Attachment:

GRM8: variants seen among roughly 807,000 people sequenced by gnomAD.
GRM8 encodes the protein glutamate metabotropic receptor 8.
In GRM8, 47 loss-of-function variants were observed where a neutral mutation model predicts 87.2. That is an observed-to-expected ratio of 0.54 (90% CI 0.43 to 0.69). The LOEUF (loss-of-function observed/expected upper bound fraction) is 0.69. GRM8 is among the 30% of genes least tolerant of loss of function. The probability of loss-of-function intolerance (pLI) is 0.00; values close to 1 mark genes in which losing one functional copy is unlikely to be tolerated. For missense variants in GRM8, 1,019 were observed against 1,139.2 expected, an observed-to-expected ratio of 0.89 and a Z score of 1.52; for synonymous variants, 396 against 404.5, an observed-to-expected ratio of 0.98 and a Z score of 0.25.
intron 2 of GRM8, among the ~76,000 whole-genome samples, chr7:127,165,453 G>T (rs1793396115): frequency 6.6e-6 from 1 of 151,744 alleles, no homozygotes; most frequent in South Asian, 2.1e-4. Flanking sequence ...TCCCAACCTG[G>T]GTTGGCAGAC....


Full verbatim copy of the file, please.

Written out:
GRM8: variants seen among roughly 807,000 people sequenced by gnomAD.
GRM8 encodes the protein glutamate metabotropic receptor 8.
In GRM8, 47 loss-of-function variants were observed where a neutral mutation model predicts 87.2. That is an observed-to-expected ratio of 0.54 (90% CI 0.43 to 0.69). The LOEUF (loss-of-function observed/expected upper bound fraction) is 0.69. GRM8 is among the 30% of genes least tolerant of loss of function. The probability of loss-of-function intolerance (pLI) is 0.00; values close to 1 mark genes in which losing one functional copy is unlikely to be tolerated. For missense variants in GRM8, 1,019 were observed against 1,139.2 expected, an observed-to-expected ratio of 0.89 and a Z score of 1.52; for synonymous variants, 396 against 404.5, an observed-to-expected ratio of 0.98 and a Z score of 0.25.
intron 2 of GRM8, among the ~76,000 whole-genome samples, chr7:127,165,453 G>T (rs1793396115): frequency 6.6e-6 from 1 of 151,744 alleles, no homozygotes; most frequent in South Asian, 2.1e-4. Flanking sequence ...TCCCAACCTG[G>T]GTTGGCAGAC....